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  3. HI Christina I think it fills our soul remembering childhood and what skills our parents had. My Mum was a milliner but unfortunately her skill of sewing did not pass down to me. What I did learn from her was to be kind, compassionate and loving to others and that is what I try to do. She died at 63 back in 1986 but is still with me every day. Thank you for sharing your thoughts with us at #MLSTL and have a beautiful week. xx

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    1. Yes definitely Sue – I did get warm and fuzzy thinking about my parents and my childhood. Your mother has given you gifts that can’t be taught – we learn from their example how to be kind, compassionate and loving. My mum was the same. It’s nice to know we received so much from our parents, not in material possessions, but an abundance of love. Take care, regards, Christina

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  4. Hi Christina, I really enjoyed reading your post and all your lovely memories of your soreness and what they taught you. I think we are all heading back to some of these ways of doing things and you will be ready for whatever comes because you have learnt these skills already. Visiting from #mlstl.

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  5. Hi Christina, I enjoyed reading your post and the detail you shared about your parents. They taught you well, and I’m sure you were influenced in a positive way because of them. Many times we don’t appreciate all they do for us until we’re older. I’m so fortunate to still have my mom with me at 93 yrs old. #MLSTL

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    1. Hi Sarah, thank you for your feedback. Once you start thinking of ways your parents impacted your life, you remember more and more and suddenly you have a list! It was nice reminding myself of them. Regards, Christina

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  6. Hi Christina,
    Fascinating post…all of those skills are so important, and especially now as more folks are beginning to become aware of the deficits in our modern life people are returning to them You were fortunate indeed to have parents that valued them and passed them on to you. Being in control of our food supply, sustainable practices, thriftiness, and self-sufficiency are important now more than ever. Glad I found you at #MLSTL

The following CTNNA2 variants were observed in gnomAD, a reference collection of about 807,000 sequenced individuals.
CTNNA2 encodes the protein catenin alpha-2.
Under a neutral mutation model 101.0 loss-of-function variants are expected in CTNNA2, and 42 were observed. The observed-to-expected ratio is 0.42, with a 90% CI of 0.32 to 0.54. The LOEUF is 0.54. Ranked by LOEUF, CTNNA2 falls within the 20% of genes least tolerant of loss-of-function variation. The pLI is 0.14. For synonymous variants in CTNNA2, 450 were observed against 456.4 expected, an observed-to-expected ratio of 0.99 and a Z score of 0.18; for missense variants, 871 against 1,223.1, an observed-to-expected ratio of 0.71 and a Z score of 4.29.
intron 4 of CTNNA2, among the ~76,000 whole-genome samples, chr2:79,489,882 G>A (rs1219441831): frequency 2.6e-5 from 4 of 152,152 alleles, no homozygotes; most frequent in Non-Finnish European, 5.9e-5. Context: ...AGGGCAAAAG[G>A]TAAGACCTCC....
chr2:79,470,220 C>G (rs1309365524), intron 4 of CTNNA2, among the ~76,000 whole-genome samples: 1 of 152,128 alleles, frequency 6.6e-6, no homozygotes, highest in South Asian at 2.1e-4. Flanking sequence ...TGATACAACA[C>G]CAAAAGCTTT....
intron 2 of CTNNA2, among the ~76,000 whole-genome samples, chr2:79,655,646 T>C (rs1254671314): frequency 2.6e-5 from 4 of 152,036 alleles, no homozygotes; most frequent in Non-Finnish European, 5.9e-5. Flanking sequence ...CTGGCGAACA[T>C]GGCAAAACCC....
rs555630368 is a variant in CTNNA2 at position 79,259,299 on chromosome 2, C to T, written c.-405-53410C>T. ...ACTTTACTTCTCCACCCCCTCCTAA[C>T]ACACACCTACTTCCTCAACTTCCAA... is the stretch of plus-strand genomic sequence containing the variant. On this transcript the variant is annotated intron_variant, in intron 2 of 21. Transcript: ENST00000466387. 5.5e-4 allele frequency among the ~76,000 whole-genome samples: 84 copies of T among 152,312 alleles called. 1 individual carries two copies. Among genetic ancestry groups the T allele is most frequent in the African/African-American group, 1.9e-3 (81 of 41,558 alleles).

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    1. Hi Nancy, yes I agree, I think society is turning more to these concepts at the moment. We need to think more in terms of cutting our waste and using sustainable forms of energy, building etc. It will be a cheaper way to live that’s for sure. Thankyou so much for your feedback, I really appreciate it, regards, Christina

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  7. This made me very nostalgic. My family on both sides were farmers and believed in using their hands to provide for their family from the earth, so I had a similar upbringing. I hate that I cannot implement as many of the things I learned as I’d like because of where we live, but I am trying to create a herb garden and use more natural options for remedies.

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    1. Hi Kimberlie, It’s definitely been a trip down memory lane for me. My mum came from an Irish and English background, and dad was from a Polish and English background. Their parents grew most of their own food, taking up all the spare land with crops. That’s why my parents were so practical.
      I’m glad you’re able to grow a herb garden. You can grow a lot in containers. My brother lives on a houseboat and all his vegetables and herbs are grown in pots. I’m glad you enjoyed my post, thank you for your feedback, regards Christina